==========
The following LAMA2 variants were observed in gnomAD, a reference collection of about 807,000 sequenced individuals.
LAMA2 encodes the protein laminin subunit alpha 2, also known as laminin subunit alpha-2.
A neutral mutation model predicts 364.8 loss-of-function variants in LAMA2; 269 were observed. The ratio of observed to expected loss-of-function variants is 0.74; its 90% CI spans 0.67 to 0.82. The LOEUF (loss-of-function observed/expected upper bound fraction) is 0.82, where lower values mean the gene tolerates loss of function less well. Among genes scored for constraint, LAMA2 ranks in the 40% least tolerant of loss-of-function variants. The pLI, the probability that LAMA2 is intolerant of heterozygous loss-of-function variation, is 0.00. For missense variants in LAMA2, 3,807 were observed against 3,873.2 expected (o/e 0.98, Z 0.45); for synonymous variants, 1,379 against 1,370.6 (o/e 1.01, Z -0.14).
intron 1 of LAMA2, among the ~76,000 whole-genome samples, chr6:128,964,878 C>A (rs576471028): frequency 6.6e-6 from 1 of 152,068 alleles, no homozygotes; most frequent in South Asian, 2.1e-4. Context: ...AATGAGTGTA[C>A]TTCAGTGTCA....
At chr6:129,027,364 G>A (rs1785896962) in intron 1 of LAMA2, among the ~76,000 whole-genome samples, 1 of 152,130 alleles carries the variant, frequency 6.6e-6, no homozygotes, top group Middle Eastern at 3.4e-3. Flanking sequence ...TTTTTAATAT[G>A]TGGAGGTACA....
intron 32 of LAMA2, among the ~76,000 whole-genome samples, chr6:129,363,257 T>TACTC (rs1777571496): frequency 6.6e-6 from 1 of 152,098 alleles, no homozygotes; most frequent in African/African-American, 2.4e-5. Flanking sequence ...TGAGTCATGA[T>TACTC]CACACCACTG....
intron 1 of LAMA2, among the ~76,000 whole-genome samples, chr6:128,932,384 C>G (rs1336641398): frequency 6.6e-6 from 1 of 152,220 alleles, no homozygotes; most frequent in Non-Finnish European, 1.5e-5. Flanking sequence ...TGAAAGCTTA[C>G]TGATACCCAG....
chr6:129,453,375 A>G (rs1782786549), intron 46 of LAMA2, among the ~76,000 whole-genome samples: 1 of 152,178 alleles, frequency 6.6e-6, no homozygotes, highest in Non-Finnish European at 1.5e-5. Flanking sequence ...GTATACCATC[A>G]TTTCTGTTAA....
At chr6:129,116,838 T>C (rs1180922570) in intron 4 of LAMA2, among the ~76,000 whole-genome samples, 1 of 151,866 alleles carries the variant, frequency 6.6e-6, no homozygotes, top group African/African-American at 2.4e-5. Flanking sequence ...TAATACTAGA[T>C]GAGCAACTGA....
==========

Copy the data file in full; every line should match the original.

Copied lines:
The following LAMA2 variants were observed in gnomAD, a reference collection of about 807,000 sequenced individuals.
LAMA2 encodes the protein laminin subunit alpha 2, also known as laminin subunit alpha-2.
A neutral mutation model predicts 364.8 loss-of-function variants in LAMA2; 269 were observed. The ratio of observed to expected loss-of-function variants is 0.74; its 90% CI spans 0.67 to 0.82. The LOEUF (loss-of-function observed/expected upper bound fraction) is 0.82, where lower values mean the gene tolerates loss of function less well. Among genes scored for constraint, LAMA2 ranks in the 40% least tolerant of loss-of-function variants. The pLI, the probability that LAMA2 is intolerant of heterozygous loss-of-function variation, is 0.00. For missense variants in LAMA2, 3,807 were observed against 3,873.2 expected (o/e 0.98, Z 0.45); for synonymous variants, 1,379 against 1,370.6 (o/e 1.01, Z -0.14).
intron 1 of LAMA2, among the ~76,000 whole-genome samples, chr6:128,964,878 C>A (rs576471028): frequency 6.6e-6 from 1 of 152,068 alleles, no homozygotes; most frequent in South Asian, 2.1e-4. Context: ...AATGAGTGTA[C>A]TTCAGTGTCA....
At chr6:129,027,364 G>A (rs1785896962) in intron 1 of LAMA2, among the ~76,000 whole-genome samples, 1 of 152,130 alleles carries the variant, frequency 6.6e-6, no homozygotes, top group Middle Eastern at 3.4e-3. Flanking sequence ...TTTTTAATAT[G>A]TGGAGGTACA....
intron 32 of LAMA2, among the ~76,000 whole-genome samples, chr6:129,363,257 T>TACTC (rs1777571496): frequency 6.6e-6 from 1 of 152,098 alleles, no homozygotes; most frequent in African/African-American, 2.4e-5. Flanking sequence ...TGAGTCATGA[T>TACTC]CACACCACTG....
intron 1 of LAMA2, among the ~76,000 whole-genome samples, chr6:128,932,384 C>G (rs1336641398): frequency 6.6e-6 from 1 of 152,220 alleles, no homozygotes; most frequent in Non-Finnish European, 1.5e-5. Flanking sequence ...TGAAAGCTTA[C>G]TGATACCCAG....
chr6:129,453,375 A>G (rs1782786549), intron 46 of LAMA2, among the ~76,000 whole-genome samples: 1 of 152,178 alleles, frequency 6.6e-6, no homozygotes, highest in Non-Finnish European at 1.5e-5. Flanking sequence ...GTATACCATC[A>G]TTTCTGTTAA....
At chr6:129,116,838 T>C (rs1180922570) in intron 4 of LAMA2, among the ~76,000 whole-genome samples, 1 of 151,866 alleles carries the variant, frequency 6.6e-6, no homozygotes, top group African/African-American at 2.4e-5. Flanking sequence ...TAATACTAGA[T>C]GAGCAACTGA....